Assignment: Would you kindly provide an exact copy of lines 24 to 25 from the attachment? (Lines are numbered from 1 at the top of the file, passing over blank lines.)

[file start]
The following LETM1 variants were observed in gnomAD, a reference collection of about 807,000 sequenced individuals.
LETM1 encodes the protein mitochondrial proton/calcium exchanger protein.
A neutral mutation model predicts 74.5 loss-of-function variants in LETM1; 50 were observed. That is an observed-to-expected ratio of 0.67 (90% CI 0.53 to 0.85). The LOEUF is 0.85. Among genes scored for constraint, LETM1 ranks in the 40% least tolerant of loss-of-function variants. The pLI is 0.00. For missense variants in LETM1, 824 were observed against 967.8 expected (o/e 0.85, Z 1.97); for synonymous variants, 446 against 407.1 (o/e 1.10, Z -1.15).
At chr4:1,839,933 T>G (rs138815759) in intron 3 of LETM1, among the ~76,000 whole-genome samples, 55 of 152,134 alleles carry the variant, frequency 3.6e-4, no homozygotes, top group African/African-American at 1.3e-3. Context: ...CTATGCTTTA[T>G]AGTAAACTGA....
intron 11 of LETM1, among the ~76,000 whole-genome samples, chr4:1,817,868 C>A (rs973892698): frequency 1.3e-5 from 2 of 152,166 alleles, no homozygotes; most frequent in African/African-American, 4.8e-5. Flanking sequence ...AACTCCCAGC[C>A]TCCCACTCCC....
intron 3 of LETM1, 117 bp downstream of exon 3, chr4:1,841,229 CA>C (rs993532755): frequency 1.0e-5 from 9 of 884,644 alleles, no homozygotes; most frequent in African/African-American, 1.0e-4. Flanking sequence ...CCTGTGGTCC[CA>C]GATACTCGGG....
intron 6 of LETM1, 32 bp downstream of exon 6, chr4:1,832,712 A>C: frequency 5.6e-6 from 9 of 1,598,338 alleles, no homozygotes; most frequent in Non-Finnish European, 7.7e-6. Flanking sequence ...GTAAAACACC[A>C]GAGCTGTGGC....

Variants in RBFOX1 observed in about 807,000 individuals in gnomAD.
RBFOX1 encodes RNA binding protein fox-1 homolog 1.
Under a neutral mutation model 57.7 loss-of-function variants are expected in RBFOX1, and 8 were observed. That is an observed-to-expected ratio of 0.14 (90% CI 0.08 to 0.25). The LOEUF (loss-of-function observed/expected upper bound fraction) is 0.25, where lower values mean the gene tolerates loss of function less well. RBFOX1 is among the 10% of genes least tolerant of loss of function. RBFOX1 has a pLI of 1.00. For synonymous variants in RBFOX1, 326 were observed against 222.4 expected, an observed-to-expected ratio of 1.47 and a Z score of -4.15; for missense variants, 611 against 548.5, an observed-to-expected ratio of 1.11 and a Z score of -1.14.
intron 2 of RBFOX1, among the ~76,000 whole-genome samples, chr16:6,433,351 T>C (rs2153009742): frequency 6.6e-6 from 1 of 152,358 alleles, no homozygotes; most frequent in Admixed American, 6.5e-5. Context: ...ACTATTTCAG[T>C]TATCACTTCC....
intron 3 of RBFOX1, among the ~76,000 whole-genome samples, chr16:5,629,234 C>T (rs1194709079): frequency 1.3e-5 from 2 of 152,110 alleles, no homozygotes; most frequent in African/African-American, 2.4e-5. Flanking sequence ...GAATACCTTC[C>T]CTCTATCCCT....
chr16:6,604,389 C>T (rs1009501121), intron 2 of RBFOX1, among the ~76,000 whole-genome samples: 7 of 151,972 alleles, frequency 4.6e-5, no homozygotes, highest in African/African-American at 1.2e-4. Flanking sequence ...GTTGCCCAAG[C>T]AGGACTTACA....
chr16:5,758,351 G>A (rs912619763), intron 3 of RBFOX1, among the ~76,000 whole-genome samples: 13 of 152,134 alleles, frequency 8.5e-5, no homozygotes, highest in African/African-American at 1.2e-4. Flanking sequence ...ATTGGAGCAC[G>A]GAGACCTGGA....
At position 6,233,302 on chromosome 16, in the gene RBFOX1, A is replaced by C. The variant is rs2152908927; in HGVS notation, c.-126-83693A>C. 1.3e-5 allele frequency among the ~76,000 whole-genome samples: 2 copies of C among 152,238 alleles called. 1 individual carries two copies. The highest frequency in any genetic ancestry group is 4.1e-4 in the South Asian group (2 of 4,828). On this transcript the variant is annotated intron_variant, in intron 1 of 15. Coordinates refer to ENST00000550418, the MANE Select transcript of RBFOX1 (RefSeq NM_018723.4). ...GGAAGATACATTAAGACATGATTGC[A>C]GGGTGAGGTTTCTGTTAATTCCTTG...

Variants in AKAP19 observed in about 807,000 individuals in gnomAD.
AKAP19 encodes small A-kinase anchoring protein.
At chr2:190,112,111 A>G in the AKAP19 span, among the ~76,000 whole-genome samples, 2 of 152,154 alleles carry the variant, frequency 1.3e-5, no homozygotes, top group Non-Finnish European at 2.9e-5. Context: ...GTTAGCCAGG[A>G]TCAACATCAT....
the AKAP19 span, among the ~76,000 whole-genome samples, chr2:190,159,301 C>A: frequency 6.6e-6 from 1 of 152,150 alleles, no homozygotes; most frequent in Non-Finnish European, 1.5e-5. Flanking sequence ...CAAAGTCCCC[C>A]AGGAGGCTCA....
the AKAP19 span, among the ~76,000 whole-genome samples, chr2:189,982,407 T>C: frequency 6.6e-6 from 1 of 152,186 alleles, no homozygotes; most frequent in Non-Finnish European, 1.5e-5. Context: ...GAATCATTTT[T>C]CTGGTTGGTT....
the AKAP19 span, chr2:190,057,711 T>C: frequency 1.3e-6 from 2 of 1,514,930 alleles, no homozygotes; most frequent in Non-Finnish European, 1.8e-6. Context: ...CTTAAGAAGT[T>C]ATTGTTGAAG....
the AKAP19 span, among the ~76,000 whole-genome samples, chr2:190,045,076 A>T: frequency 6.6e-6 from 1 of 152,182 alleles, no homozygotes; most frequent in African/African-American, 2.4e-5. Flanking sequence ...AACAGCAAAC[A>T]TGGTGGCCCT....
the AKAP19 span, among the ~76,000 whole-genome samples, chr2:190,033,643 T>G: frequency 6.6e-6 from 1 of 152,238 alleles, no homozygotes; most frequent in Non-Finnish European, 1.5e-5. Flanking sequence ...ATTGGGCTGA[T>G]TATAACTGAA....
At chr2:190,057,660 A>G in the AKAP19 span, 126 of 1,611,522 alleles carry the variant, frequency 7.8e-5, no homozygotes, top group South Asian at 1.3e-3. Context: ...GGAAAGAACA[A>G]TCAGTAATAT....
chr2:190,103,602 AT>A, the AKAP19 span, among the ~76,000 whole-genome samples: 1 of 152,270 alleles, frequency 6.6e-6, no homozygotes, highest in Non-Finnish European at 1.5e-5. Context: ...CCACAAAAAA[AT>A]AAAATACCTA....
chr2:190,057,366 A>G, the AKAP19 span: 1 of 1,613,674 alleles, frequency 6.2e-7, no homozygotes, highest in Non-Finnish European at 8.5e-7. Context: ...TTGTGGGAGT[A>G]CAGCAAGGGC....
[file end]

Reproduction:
At chr2:190,057,660 A>G in the AKAP19 span, 126 of 1,611,522 alleles carry the variant, frequency 7.8e-5, no homozygotes, top group South Asian at 1.3e-3. Context: ...GGAAAGAACA[A>G]TCAGTAATAT....
chr2:190,103,602 AT>A, the AKAP19 span, among the ~76,000 whole-genome samples: 1 of 152,270 alleles, frequency 6.6e-6, no homozygotes, highest in Non-Finnish European at 1.5e-5. Context: ...CCACAAAAAA[AT>A]AAAATACCTA....